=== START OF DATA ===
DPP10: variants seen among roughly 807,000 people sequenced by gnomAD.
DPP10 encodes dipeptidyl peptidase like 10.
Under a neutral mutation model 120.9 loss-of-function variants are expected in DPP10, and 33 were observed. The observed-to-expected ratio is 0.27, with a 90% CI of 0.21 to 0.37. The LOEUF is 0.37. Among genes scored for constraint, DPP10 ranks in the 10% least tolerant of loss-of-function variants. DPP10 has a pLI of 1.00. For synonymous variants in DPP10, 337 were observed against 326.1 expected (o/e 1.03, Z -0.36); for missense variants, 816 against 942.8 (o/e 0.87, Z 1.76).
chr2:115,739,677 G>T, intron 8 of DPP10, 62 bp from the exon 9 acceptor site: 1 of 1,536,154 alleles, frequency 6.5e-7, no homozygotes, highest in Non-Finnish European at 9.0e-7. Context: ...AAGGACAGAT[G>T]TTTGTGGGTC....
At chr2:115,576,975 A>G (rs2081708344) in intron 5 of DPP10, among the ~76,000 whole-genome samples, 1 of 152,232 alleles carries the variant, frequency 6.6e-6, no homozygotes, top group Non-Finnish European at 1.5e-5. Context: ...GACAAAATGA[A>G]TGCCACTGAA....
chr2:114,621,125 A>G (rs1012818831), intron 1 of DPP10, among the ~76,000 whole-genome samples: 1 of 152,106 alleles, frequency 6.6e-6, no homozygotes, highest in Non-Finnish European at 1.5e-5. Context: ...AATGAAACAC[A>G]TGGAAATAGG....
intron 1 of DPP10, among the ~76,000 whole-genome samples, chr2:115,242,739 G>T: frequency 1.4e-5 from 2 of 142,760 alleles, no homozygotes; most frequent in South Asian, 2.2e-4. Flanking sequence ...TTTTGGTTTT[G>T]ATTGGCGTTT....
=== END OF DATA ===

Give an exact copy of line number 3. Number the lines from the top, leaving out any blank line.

Under a neutral mutation model 120.9 loss-of-function variants are expected in DPP10, and 33 were observed. The observed-to-expected ratio is 0.27, with a 90% CI of 0.21 to 0.37. The LOEUF is 0.37. Among genes scored for constraint, DPP10 ranks in the 10% least tolerant of loss-of-function variants. DPP10 has a pLI of 1.00. For synonymous variants in DPP10, 337 were observed against 326.1 expected (o/e 1.03, Z -0.36); for missense variants, 816 against 942.8 (o/e 0.87, Z 1.76).